Mouse, grudges, virus, sirens and baby robins

Taking flight

I wrote a long blog post earlier this morning filled with too many words about my own opinions involving emotions and the human nervous system.

Now it feels like there’s no life or ooomph or immediacy in that post, so let’s Take Two.

What’s true in the now of our little house in the woods?

Birds chirping off the deck right now.  A couple of days ago a baby robin burst upwards in flight from the nest.  What a riotous cackling ensued!  Baby robin didn’t know what to do once he perched atop a branch.  Mama flew clucking around him and eventually fed him a worm to keep his energy up and cheer him on.  I might have stayed and watched yonder robin drama, but instead the dishes–or something equally important–called me inside.

Continue reading

Posted in June, 2020 | Tagged , , , , , , , , , , | 36 Comments

One year memories of Positano, Italy wedding

Positano1

First view of Positano

Such a nostalgic day!  One year ago today–June 22, 2019–our daughter and her fiance married in Positano, Italy.

It was the trip of a lifetime.  Twenty of us traveled across the ocean from the United States to see the bride and groom exchange vows of love and commitment along the Amalfi Coast.

Continue reading

Posted in June, 2020 | Tagged , , , , , , , , , , , | 37 Comments

Home invasion

Chipmunk listening to my stories

On Wednesday night we drove maybe twenty miles to our friends’ home for a socially-distanced dinner on their porch.

Before we departed Barry paused to feed our dear tame chipmunk, a descendent of the infamous “Chippy” with whom we shared seeds and petting a few years back. We actually have two pet chipmunks this year, a shy sweetheart and a bold fella.  (Not that I know their actual sex; I am only guessing.)

Barry fed and petted the bold guy while I waited impatiently with the keys.

“C’mon,” I begged, “he’s had enough.  Let’s go.”

Continue reading

Posted in June, 2020 | Tagged , , , , , , , , , | 26 Comments

Porcupine, bear, lake trout & crunchy grasshoppers

Electric lime greens in the early summer woods

Electric lime greens in the early summer woods

Lots has been happening in our Little House in the Woods.  I seem to forget, at times, that we’re still in the midst of a pandemic.  Here are a few highlights:

At 1 a.m. on Sunday morning a noise startled me from sleep.  Bang, bang, bang!  What the heck?  Sleep felt so lovely…but it sounded like Mischief in the Woods.  I had to get up and investigate. Sure enough, our wiley & quilly porcupine friend had decided to eat our front porch.  He was gnawing the steps with gusto.  I shouted.  He glanced up to say hello.  Barry (from bed) suggested shining a flashlight in his eyes.  He blinked.  I sighed–heart pounding fiercely–and decided to open the front door and chase him away.  He raised his quilly butt and shook it threateningly, but duly waddled away.  Barry, good man, roused from bed and sprayed the chewed wooden steps with Wasp and Hornet Spray, to provide bad taste should our marauder visit again.  The next day he slopped paint on the errant boards.  Don’t come again, ye porkie.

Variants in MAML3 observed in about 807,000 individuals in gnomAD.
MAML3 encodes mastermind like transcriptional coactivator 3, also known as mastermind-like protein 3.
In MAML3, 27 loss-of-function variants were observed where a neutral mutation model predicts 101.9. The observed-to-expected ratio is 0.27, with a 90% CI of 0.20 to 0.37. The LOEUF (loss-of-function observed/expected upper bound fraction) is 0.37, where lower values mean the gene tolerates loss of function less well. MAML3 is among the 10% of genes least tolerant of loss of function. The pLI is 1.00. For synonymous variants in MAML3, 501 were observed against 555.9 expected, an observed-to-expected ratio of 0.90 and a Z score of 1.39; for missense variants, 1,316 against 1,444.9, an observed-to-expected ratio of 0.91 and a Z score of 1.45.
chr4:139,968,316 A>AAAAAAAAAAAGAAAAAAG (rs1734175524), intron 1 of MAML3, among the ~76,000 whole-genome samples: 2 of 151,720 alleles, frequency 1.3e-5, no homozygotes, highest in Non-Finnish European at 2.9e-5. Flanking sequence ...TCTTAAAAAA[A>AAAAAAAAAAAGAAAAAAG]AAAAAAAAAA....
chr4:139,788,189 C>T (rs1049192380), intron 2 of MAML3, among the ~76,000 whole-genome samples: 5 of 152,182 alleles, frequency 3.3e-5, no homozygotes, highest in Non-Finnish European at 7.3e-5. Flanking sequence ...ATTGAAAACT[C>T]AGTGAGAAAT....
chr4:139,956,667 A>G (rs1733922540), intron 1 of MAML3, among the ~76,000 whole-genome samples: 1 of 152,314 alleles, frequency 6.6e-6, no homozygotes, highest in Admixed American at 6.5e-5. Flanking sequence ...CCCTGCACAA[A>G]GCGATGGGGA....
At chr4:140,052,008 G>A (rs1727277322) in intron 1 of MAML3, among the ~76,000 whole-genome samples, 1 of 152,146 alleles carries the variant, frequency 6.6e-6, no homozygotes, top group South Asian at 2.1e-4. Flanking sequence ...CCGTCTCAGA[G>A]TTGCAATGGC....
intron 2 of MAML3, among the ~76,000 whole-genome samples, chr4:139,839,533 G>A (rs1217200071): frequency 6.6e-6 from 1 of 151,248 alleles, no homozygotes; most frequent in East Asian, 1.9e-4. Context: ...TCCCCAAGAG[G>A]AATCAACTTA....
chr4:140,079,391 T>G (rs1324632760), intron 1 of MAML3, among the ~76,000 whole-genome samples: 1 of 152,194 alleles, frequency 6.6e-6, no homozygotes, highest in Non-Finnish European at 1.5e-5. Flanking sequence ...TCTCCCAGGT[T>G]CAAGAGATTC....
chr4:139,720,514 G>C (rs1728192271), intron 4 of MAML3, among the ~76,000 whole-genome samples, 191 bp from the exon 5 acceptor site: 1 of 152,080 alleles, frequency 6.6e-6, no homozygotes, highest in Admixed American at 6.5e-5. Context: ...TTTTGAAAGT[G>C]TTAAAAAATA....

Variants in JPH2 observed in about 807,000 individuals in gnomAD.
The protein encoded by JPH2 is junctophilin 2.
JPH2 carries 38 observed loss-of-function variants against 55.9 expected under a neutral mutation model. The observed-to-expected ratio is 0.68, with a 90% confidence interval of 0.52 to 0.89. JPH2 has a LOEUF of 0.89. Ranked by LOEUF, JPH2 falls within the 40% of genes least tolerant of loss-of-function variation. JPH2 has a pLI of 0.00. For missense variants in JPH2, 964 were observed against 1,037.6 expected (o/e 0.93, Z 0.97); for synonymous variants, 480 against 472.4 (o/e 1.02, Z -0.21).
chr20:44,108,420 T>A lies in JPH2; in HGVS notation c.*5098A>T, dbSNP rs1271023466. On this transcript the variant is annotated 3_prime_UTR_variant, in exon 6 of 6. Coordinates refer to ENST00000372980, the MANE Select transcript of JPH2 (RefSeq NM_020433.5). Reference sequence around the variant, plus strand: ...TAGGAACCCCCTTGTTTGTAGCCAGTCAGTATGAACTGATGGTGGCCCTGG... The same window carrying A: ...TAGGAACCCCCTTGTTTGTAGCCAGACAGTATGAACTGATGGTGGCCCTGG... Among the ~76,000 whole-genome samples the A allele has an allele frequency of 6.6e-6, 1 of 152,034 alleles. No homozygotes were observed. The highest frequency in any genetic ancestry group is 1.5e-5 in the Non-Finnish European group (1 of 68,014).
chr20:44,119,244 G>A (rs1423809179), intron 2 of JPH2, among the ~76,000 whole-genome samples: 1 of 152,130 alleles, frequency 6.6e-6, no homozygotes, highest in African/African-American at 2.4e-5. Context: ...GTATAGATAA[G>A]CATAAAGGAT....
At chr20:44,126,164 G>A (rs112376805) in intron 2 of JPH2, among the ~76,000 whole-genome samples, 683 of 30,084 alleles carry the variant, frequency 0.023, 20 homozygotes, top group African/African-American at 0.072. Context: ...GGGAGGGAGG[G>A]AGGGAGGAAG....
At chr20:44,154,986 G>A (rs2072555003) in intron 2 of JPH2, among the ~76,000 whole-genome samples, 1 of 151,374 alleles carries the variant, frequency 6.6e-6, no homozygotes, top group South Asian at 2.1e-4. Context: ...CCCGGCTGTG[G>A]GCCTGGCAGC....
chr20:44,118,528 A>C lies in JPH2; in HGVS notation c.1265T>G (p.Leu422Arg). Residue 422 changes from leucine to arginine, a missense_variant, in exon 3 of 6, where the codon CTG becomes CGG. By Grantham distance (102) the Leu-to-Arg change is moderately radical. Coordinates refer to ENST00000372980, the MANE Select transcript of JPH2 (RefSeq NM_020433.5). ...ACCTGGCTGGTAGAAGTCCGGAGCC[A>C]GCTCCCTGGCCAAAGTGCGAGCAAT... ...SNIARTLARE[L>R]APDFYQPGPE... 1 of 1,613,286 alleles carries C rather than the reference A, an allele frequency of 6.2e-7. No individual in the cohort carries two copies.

A porcupine on the road

Not our current porcupine.  This one visited in 2013.

Continue reading

Posted in June, 2020 | Tagged , , , , , , , , , , | 26 Comments

The ahhhh of retreat

Waves and stones

Good morning, dear blog reader.

Let’s talk about ahhhh this morning.

The ahhhh of waking up on a fresh Monday morning with light shining through emerald green June leaves.  The ahhhh of feeling centered and “right with the world”.  The ahhhh of feeling recovered from too much news, too much national bickering and agony, too much COVID, too much racism, too much division, too much, too much.

So what’s a person to do when “too much” clouds the system with dark rain clouds?

How about take a retreat?

Continue reading

Posted in June, 2020 | Tagged , , , , , , , , , | 14 Comments

I made a mistake. I am sorry.

You listenin', Mind?

Admitting when we’ve made a mistake can be hard.  We can feel such shame and guilt and embarrassment.  It can be hard to say “I’m sorry,”  “I was wrong,”  “Please forgive me”.  Especially because parts of us may not want to apologize.  Because parts of ourselves still rally behind the original opinion.